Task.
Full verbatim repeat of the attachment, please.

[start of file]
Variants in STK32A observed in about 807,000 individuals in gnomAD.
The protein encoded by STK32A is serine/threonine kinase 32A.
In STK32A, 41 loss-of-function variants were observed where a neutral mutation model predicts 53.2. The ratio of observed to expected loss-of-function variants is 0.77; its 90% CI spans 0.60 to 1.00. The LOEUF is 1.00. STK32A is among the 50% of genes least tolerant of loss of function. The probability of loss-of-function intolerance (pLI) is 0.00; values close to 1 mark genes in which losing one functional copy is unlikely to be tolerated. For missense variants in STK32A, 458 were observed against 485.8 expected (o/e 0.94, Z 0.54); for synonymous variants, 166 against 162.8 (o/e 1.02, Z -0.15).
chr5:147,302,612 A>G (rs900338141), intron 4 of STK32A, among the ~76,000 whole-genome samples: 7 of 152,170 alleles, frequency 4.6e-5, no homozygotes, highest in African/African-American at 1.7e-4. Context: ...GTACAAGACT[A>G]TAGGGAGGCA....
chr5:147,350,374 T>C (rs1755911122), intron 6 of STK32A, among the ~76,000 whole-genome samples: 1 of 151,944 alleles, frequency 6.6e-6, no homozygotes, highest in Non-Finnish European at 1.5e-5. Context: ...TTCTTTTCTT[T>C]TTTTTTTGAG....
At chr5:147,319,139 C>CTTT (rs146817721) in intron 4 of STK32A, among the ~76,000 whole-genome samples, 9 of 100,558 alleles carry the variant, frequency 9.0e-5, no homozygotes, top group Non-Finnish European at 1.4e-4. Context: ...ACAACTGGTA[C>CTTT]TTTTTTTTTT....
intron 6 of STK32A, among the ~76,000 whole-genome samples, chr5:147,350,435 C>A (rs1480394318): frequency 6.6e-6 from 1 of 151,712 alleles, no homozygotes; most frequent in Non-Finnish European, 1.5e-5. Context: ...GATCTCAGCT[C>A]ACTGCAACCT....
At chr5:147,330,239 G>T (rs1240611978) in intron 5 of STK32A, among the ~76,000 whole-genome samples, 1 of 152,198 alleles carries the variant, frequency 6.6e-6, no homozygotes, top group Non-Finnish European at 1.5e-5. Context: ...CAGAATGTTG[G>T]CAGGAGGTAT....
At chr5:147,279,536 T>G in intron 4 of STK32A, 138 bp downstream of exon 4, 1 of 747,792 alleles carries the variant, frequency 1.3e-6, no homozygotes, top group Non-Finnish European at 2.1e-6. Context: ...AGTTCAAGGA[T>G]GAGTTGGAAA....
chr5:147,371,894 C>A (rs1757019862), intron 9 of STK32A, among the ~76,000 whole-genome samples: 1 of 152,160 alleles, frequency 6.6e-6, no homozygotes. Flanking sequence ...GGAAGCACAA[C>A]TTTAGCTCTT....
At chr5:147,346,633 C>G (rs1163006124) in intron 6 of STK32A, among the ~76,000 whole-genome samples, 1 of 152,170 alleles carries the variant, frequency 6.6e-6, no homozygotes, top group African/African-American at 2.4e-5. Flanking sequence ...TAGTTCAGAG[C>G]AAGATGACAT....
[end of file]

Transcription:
Variants in STK32A observed in about 807,000 individuals in gnomAD.
The protein encoded by STK32A is serine/threonine kinase 32A.
In STK32A, 41 loss-of-function variants were observed where a neutral mutation model predicts 53.2. The ratio of observed to expected loss-of-function variants is 0.77; its 90% CI spans 0.60 to 1.00. The LOEUF is 1.00. STK32A is among the 50% of genes least tolerant of loss of function. The probability of loss-of-function intolerance (pLI) is 0.00; values close to 1 mark genes in which losing one functional copy is unlikely to be tolerated. For missense variants in STK32A, 458 were observed against 485.8 expected (o/e 0.94, Z 0.54); for synonymous variants, 166 against 162.8 (o/e 1.02, Z -0.15).
chr5:147,302,612 A>G (rs900338141), intron 4 of STK32A, among the ~76,000 whole-genome samples: 7 of 152,170 alleles, frequency 4.6e-5, no homozygotes, highest in African/African-American at 1.7e-4. Context: ...GTACAAGACT[A>G]TAGGGAGGCA....
chr5:147,350,374 T>C (rs1755911122), intron 6 of STK32A, among the ~76,000 whole-genome samples: 1 of 151,944 alleles, frequency 6.6e-6, no homozygotes, highest in Non-Finnish European at 1.5e-5. Context: ...TTCTTTTCTT[T>C]TTTTTTTGAG....
At chr5:147,319,139 C>CTTT (rs146817721) in intron 4 of STK32A, among the ~76,000 whole-genome samples, 9 of 100,558 alleles carry the variant, frequency 9.0e-5, no homozygotes, top group Non-Finnish European at 1.4e-4. Context: ...ACAACTGGTA[C>CTTT]TTTTTTTTTT....
intron 6 of STK32A, among the ~76,000 whole-genome samples, chr5:147,350,435 C>A (rs1480394318): frequency 6.6e-6 from 1 of 151,712 alleles, no homozygotes; most frequent in Non-Finnish European, 1.5e-5. Context: ...GATCTCAGCT[C>A]ACTGCAACCT....
At chr5:147,330,239 G>T (rs1240611978) in intron 5 of STK32A, among the ~76,000 whole-genome samples, 1 of 152,198 alleles carries the variant, frequency 6.6e-6, no homozygotes, top group Non-Finnish European at 1.5e-5. Context: ...CAGAATGTTG[G>T]CAGGAGGTAT....
At chr5:147,279,536 T>G in intron 4 of STK32A, 138 bp downstream of exon 4, 1 of 747,792 alleles carries the variant, frequency 1.3e-6, no homozygotes, top group Non-Finnish European at 2.1e-6. Context: ...AGTTCAAGGA[T>G]GAGTTGGAAA....
chr5:147,371,894 C>A (rs1757019862), intron 9 of STK32A, among the ~76,000 whole-genome samples: 1 of 152,160 alleles, frequency 6.6e-6, no homozygotes. Flanking sequence ...GGAAGCACAA[C>A]TTTAGCTCTT....
At chr5:147,346,633 C>G (rs1163006124) in intron 6 of STK32A, among the ~76,000 whole-genome samples, 1 of 152,170 alleles carries the variant, frequency 6.6e-6, no homozygotes, top group African/African-American at 2.4e-5. Flanking sequence ...TAGTTCAGAG[C>G]AAGATGACAT....